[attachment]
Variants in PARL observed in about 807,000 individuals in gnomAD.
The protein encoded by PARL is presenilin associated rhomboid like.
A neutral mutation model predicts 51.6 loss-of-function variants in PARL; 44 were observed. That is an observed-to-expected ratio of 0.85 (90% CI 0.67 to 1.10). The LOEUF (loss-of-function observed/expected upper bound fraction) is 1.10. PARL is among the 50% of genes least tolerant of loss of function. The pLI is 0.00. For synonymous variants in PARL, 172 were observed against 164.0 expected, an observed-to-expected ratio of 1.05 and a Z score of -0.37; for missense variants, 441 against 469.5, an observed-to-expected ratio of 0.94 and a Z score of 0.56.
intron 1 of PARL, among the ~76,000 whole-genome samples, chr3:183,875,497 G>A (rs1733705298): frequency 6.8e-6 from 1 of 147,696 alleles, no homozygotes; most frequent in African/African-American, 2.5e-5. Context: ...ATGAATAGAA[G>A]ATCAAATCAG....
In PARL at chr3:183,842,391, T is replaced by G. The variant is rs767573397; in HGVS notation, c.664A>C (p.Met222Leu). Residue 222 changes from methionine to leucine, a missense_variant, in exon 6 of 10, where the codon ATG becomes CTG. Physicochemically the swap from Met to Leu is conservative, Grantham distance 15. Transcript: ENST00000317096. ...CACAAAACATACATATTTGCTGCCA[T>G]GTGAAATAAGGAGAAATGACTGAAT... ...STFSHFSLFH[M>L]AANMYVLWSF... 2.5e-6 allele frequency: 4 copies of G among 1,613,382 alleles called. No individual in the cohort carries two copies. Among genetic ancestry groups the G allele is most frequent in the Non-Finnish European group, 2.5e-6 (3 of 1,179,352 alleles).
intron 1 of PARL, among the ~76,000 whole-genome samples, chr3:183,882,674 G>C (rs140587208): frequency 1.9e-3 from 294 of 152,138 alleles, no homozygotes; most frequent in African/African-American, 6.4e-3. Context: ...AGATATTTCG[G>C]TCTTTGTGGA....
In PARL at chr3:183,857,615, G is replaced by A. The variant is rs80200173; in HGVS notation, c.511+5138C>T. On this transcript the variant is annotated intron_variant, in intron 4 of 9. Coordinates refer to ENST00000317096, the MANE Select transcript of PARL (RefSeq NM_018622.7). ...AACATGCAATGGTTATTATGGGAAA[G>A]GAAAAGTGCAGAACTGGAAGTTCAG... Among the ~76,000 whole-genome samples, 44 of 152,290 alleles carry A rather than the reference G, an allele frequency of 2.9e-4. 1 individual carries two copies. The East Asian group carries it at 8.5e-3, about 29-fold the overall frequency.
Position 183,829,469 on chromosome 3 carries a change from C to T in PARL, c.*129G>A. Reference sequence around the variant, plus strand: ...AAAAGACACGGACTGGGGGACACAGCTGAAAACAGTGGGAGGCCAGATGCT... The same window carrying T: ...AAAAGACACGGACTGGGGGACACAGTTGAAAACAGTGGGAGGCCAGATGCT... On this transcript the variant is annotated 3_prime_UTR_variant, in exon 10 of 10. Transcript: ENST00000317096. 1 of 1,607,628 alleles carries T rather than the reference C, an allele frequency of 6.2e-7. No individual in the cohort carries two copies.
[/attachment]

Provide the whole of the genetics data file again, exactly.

Variants in PARL observed in about 807,000 individuals in gnomAD.
The protein encoded by PARL is presenilin associated rhomboid like.
A neutral mutation model predicts 51.6 loss-of-function variants in PARL; 44 were observed. That is an observed-to-expected ratio of 0.85 (90% CI 0.67 to 1.10). The LOEUF (loss-of-function observed/expected upper bound fraction) is 1.10. PARL is among the 50% of genes least tolerant of loss of function. The pLI is 0.00. For synonymous variants in PARL, 172 were observed against 164.0 expected, an observed-to-expected ratio of 1.05 and a Z score of -0.37; for missense variants, 441 against 469.5, an observed-to-expected ratio of 0.94 and a Z score of 0.56.
intron 1 of PARL, among the ~76,000 whole-genome samples, chr3:183,875,497 G>A (rs1733705298): frequency 6.8e-6 from 1 of 147,696 alleles, no homozygotes; most frequent in African/African-American, 2.5e-5. Context: ...ATGAATAGAA[G>A]ATCAAATCAG....
In PARL at chr3:183,842,391, T is replaced by G. The variant is rs767573397; in HGVS notation, c.664A>C (p.Met222Leu). Residue 222 changes from methionine to leucine, a missense_variant, in exon 6 of 10, where the codon ATG becomes CTG. Physicochemically the swap from Met to Leu is conservative, Grantham distance 15. Transcript: ENST00000317096. ...CACAAAACATACATATTTGCTGCCA[T>G]GTGAAATAAGGAGAAATGACTGAAT... ...STFSHFSLFH[M>L]AANMYVLWSF... 2.5e-6 allele frequency: 4 copies of G among 1,613,382 alleles called. No individual in the cohort carries two copies. Among genetic ancestry groups the G allele is most frequent in the Non-Finnish European group, 2.5e-6 (3 of 1,179,352 alleles).
intron 1 of PARL, among the ~76,000 whole-genome samples, chr3:183,882,674 G>C (rs140587208): frequency 1.9e-3 from 294 of 152,138 alleles, no homozygotes; most frequent in African/African-American, 6.4e-3. Context: ...AGATATTTCG[G>C]TCTTTGTGGA....
In PARL at chr3:183,857,615, G is replaced by A. The variant is rs80200173; in HGVS notation, c.511+5138C>T. On this transcript the variant is annotated intron_variant, in intron 4 of 9. Coordinates refer to ENST00000317096, the MANE Select transcript of PARL (RefSeq NM_018622.7). ...AACATGCAATGGTTATTATGGGAAA[G>A]GAAAAGTGCAGAACTGGAAGTTCAG... Among the ~76,000 whole-genome samples, 44 of 152,290 alleles carry A rather than the reference G, an allele frequency of 2.9e-4. 1 individual carries two copies. The East Asian group carries it at 8.5e-3, about 29-fold the overall frequency.
Position 183,829,469 on chromosome 3 carries a change from C to T in PARL, c.*129G>A. Reference sequence around the variant, plus strand: ...AAAAGACACGGACTGGGGGACACAGCTGAAAACAGTGGGAGGCCAGATGCT... The same window carrying T: ...AAAAGACACGGACTGGGGGACACAGTTGAAAACAGTGGGAGGCCAGATGCT... On this transcript the variant is annotated 3_prime_UTR_variant, in exon 10 of 10. Transcript: ENST00000317096. 1 of 1,607,628 alleles carries T rather than the reference C, an allele frequency of 6.2e-7. No individual in the cohort carries two copies.